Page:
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New report: How to overcome barriers to implement recommendations for youth injury prevention: The Case of Road Traffic Injuries  print friendly

04/17/2009 This report aims to serve as a useful guide for policy makers, injury prevention researchers and safety practitioners wishing to effectively design and implement road traffic

safety interventions targeting adolescents and young adults. The first part of the report aims to assess the impact of risk-taking behaviour on road crash involvement among University students. The second part of the report applies qualitative methodology to explore youth’s perceived barriers to the adoption of safety measures.

Each year, road traffic injuries claim the lives of more than 50,000 European Union citizens, approximately 11,000 of whom are youngsters aged from 15 to 24 years. Adolescents and young adults constitute a vulnerable group of road users as their developmental stage does not allow them to fully comprehend or demonstrate the needed proficiency in identifying, appreciating and avoiding the hazards of the road environment.

This report, ‘How to overcome barriers to implement recommendations for youth injury prevention: The Case of Road Traffic Injuries’ aims to serve as a useful guide for policy makers, injury prevention researchers and safety practitioners wishing to effectively design and implement road traffic safety interventions targeting adolescents and young adults.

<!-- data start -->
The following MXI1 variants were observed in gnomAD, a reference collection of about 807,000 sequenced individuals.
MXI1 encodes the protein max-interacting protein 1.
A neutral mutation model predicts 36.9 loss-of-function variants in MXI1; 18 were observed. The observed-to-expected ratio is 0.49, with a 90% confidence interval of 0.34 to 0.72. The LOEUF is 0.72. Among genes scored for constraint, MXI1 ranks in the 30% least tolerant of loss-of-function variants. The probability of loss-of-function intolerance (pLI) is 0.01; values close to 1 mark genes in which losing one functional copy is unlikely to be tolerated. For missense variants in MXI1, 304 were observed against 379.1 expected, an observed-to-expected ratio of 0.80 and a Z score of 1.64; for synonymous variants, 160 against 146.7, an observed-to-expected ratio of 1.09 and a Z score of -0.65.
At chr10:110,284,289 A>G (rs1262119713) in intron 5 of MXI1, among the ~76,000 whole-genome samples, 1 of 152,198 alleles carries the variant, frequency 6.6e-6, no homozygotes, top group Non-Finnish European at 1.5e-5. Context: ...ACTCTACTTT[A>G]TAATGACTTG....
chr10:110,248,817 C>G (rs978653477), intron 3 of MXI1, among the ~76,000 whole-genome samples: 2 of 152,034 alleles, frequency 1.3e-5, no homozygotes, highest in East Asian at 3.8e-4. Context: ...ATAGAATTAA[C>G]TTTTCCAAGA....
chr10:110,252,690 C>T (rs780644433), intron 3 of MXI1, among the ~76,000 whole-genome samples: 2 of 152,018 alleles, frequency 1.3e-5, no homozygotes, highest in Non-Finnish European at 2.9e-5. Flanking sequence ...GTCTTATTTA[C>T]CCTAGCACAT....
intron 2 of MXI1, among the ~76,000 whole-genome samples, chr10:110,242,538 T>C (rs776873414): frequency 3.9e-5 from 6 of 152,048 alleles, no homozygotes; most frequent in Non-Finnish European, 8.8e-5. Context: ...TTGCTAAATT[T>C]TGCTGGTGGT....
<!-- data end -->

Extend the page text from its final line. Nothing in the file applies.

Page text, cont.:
The report is divided into parts, the first of which aims to assess the impact of risk-taking behaviour on road crash involvement among university students and presents findings from a survey utilizing an internet based, health assessment tool titled “Student’s Health Card”. The second part of the report applies qualitative methodology to explore youth’s perceived barriers to the adoption of safety measures, while providing a conceptual framework for guiding large-scale educational campaigns.

The provision of an estimation tool for the assessment of risky behaviours resulting to road crash involvement seems to enable collection of reliable data and generation of appropriate educational feedback to adolescents and young adults. Furthermore, results stemming from qualitative research offer a deeper understanding on the attitudes of youth regarding road traffic injury prevention.

The report concludes that focus group encounters can play an important role in the planning and implementation of public health programs. The experience gained through both qualitative and quantitative work could contribute to the development of tailored health education messages or targeted educational initiatives aiming to reduce risky driving behaviours of this age group and promote road safety.

Source and more info: This report has been produced within the framework of the APOLLO project, ‘Strategies and best practices for the reduction of injuries’, led by the University of Athens. The report is available at: http://www.eurosafe.eu.com/csi/eurosafe2006.nsf/wwwVwContent/l4wp3results.htm and  http://www.euroipn.org/apollo/WP3.htm

3 NEW WEB TOOLS TO CALCULATE THE DIRECT MEDICAL COSTS OF INJURY

The web tools are SPSS scripts/syntaxes and have been developed to analyse, harmonize, aggregate and merge hospital-based data for the calculation of direct medical costs. A manual with guidelines is available which explains the methods for data analysis of hospital-based surveillance data and gives a description of the collection, harmonisation and analysis of data on injury incidence and related healthcare consumption and costs.

Available at: http://www.eurosafe.eu.com/csi/eurosafe2006.nsf/wwwVwContent/l4wp2results.htm

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